A woman who enlivens the morning in Chicago
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A woman who enlivens the morning in Chicago
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  • 승인 2007.12.03 00:00
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▲ Ellee Pai Hong at studio 5, where she provides news to Chicago viewers.

             “Good morning. Welcome to Studio 5. I’m Ellee Pai Hong.” A Korean-American woman awakens and greets the viewers in Chicago. Ellee Pai Hong (’92, English Literature) is an anchor of NBC5 Today on weekends, providing not only brief synopsis of what happened around the world overnight, but also a little bit of humor to enliven people’s morning and make them smile.

             Hong found her interest in journalism back in university, while working as a reporter for the Ewha Voice. “I loved journalism, meeting people and having different experiences,” says Hong. Through a senior who was working at Mnet at that time, Hong had a chance to work as a freelancer for two days and this is when she experienced the “taste” of TV journalism. “I was enthused by different elements like video and sound being incorporated to make a story come alive,” she said. Hong decided to study further and attended graduate school at Northwestern University.

             Hong spent her childhood in America, but understanding American culture and having an American way of thinking was still something she had to work for. “I tried to embrace the American culture, so while I was in graduate school, I made sure that I made a lot of American friends,” she said. Since TV journalism requires both English and broadcasting skills, Hong listened to radio and network news all the time to see how journalists would say or present things.

             Since she is now in charge of the morning news, her day starts at 4:00 a.m. But starting her day earlier than others does not bother her. “It is always difficult to get out of the bed in the morning, but I remind myself that the best part of the day is just ahead,” says Hong.

             During the weekdays, she emcees at various community events, including some for the Korean-American community. “I feel great responsibility to be a part of the Korean-American community. I would like to share the difficulties that I had while growing up in America and it is a great pleasure for me to see my experiences or role inspiring Korean-American children,” says Hong.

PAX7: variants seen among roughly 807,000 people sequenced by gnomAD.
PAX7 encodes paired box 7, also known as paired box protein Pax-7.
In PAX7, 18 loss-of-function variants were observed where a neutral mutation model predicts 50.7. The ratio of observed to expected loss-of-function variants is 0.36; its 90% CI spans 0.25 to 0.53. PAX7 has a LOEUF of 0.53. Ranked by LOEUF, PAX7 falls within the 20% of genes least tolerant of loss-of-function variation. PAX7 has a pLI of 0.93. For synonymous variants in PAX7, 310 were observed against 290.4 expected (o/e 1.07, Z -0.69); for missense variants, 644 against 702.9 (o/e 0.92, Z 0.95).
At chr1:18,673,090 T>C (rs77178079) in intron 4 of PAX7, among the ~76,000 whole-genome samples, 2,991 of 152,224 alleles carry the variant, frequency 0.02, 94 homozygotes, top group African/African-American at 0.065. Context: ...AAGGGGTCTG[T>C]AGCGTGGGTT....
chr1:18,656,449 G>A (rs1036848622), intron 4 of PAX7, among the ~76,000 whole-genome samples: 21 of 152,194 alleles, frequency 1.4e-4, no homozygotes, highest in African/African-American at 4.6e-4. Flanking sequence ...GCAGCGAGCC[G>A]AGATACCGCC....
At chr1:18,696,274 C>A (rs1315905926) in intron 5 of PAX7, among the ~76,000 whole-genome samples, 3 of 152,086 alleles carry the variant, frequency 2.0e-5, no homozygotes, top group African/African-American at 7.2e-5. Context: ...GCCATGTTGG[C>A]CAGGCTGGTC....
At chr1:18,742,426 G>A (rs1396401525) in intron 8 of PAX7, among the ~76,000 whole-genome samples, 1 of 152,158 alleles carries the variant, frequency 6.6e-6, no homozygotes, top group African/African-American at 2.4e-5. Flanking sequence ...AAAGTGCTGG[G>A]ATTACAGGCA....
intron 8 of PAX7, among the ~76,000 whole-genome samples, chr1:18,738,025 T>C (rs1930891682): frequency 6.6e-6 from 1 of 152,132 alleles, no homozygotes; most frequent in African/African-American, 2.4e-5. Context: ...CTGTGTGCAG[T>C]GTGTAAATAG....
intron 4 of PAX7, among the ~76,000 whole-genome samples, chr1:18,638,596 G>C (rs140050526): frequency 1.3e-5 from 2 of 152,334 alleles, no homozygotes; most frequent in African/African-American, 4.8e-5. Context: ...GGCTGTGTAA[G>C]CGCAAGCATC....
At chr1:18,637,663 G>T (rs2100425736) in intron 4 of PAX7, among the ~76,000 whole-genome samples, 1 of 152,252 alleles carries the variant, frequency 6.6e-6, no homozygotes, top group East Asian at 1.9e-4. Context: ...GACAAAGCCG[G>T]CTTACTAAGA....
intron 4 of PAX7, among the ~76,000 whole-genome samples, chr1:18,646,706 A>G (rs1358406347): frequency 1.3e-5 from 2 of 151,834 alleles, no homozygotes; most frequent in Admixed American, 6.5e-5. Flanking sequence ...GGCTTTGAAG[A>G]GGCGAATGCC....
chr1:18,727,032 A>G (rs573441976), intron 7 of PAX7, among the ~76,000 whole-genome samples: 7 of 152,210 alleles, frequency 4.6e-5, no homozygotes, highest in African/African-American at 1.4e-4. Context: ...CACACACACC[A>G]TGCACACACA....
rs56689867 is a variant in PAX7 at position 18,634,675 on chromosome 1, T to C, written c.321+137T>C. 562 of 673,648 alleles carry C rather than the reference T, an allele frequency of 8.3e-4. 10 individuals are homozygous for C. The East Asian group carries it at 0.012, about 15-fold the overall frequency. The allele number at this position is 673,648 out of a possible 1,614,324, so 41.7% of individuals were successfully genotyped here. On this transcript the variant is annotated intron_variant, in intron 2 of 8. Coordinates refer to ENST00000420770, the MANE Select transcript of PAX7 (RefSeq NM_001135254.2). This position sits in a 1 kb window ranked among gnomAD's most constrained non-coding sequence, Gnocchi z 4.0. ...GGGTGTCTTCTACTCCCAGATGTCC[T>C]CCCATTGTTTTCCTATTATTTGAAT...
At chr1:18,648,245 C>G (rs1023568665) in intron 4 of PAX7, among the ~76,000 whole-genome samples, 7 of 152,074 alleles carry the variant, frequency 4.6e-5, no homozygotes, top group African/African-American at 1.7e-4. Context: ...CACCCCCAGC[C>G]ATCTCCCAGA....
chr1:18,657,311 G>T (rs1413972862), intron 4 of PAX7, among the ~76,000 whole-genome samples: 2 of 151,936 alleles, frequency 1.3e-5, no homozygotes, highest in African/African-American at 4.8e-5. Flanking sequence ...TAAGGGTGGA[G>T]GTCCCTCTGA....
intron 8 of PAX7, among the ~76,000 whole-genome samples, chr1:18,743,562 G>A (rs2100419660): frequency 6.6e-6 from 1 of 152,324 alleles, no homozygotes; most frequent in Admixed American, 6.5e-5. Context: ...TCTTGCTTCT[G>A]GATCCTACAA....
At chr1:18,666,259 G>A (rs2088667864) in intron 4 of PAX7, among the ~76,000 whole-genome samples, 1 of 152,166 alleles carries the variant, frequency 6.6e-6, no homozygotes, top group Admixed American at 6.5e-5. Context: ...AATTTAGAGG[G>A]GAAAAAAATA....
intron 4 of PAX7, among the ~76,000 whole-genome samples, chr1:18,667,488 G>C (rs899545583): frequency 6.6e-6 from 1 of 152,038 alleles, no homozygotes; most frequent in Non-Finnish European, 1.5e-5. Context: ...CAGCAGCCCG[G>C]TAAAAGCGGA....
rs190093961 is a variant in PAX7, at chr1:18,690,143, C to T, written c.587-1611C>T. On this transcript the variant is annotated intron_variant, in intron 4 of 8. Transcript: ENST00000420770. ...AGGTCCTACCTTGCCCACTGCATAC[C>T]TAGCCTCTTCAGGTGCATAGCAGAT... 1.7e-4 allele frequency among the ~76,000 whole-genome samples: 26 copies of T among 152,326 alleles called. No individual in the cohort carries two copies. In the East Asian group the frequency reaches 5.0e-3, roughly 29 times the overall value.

Currently, she is only working as an anchor, but she used to work as a reporter as well. Having experienced both jobs, Hong says they each have their own merits. “Reporting allows you to be on the ground level and meet people that you report on. You meet people in all walks of life that you normally would not see. It definitely widens your horizon as a person and your scope on the world,” said Hong. Anchoring, she says, makes her to appear in everybody’s home and have personal connection with them. She says, “One guy who used to stop by at our outdoor studio handed me a box full of newspapers from all over the world, published on the day my daughter was born, when I came back from my maternity leave. I also received knit sweaters from a lot of people. This is what I love about being an anchor: having interaction with the viewers.”

             Despite Hong’s enthusiasm toward the job, her current goal is fulfilling the role of a mother. In fact, she shifted from the weekday anchor position to weekends to spend more time with her daughter. She says, “My husband used to ask me for fun, ‘Which would you choose, family or professional success?’ and I would say, ‘You can always have both.’” For Hong, living a life as a mother and a working woman is a matter of give and take. “You might not find a perfect solution all the time, but you can still keep a balance of both,” says Hong.

             Although she is 10,000 kilometers away with a 15 hour time difference, her passion toward her work can still be felt on the other side of the phone. Her success lies in believing one of the principles that her parents taught her when she was young. “My parents would always tell me ‘You can be whatever you want, a taxi driver, a lawyer or a doctor. But be the best in that field.’” For Ewha students, Hong also shares her own principle that she has learned throughout her life. “Find and do something that you love. Don’t worry about money or honor because they will naturally follow you.”


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